With one large move, Nova Scotia-based supermarket chain Sobeys has gone from a small player in B.C.’s grocery store market to one of the province’s dominant players by buying Canada Safeway for $5.8 billion.
Consumers likely won’t see big changes, according to retail consultant David Ian Gray, because Empire Co., parent of the 106-year-old Sobeys grocery chain, won’t want to abandon the goodwill that Safeway has built up through its Air Miles and Club Card loyalty programs or alienate its existing customer base.
Gray, the principal of his firm DIG360 Consulting, said Sobeys would also be wary about surrendering Safeway’s brand value, because rebranding is an expensive proposition.
Of Safeway’s 223 Canadian stores, 75 are in B.C., with 40 in the Lower Mainland alone.
“This is a very big retail story,” Gray said, adding Sobeys is “very much in competitive fight mode” against U.S. giants Walmart and Target.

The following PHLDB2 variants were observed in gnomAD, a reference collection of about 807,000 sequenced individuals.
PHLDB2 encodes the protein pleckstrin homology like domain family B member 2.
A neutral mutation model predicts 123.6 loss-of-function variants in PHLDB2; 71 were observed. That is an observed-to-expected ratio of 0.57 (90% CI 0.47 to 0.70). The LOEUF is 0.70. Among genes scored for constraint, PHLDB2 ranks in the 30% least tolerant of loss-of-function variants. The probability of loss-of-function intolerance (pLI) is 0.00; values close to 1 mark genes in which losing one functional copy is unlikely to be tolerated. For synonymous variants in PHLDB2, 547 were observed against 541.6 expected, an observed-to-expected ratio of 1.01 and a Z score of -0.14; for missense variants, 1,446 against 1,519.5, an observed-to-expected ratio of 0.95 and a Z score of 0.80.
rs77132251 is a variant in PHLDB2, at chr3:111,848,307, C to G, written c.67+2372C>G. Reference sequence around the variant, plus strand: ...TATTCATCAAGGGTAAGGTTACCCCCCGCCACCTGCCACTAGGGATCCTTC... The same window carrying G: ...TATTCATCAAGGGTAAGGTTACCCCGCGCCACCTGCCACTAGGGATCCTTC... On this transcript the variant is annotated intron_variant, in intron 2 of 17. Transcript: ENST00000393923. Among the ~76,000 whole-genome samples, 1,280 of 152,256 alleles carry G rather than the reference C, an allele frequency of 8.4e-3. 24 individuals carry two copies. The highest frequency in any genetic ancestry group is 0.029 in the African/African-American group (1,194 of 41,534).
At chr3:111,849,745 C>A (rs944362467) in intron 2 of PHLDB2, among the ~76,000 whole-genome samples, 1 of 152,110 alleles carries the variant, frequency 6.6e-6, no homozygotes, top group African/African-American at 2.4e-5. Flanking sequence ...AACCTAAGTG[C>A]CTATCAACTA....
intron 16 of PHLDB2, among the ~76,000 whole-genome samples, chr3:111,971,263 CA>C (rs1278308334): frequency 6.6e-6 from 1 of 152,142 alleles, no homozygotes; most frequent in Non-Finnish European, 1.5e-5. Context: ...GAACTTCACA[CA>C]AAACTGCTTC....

The food business is getting tougher and the divide is increasing between low-end stores such as Buy-Low and PriceSmart and the higher-end stores such as Overwaitea’s Urban Fare and Whole Foods, which sell freshness and service.
Sobeys bought 20 Thrifty Foods stores in 2007 for $260 million. Today it owns 31 Thrifty Food stores, and have continued to operate them under the Thrifty brand.
The purchase will put Sobeys solidly in second place in the national grocery market, with annual revenues of $24 billion and $1.8 billion in owned real estate.
Loblaws, which operates Superstores in B.C., has annual revenue of $31 billion, Gray said.
Safeway in Canada has spruced up their stores a bit, but nothing Earth-shattering. They’re not the low-cost provider, they’re not the freshest, they’re in the middle. But the one thing they do have is a lot of real estate.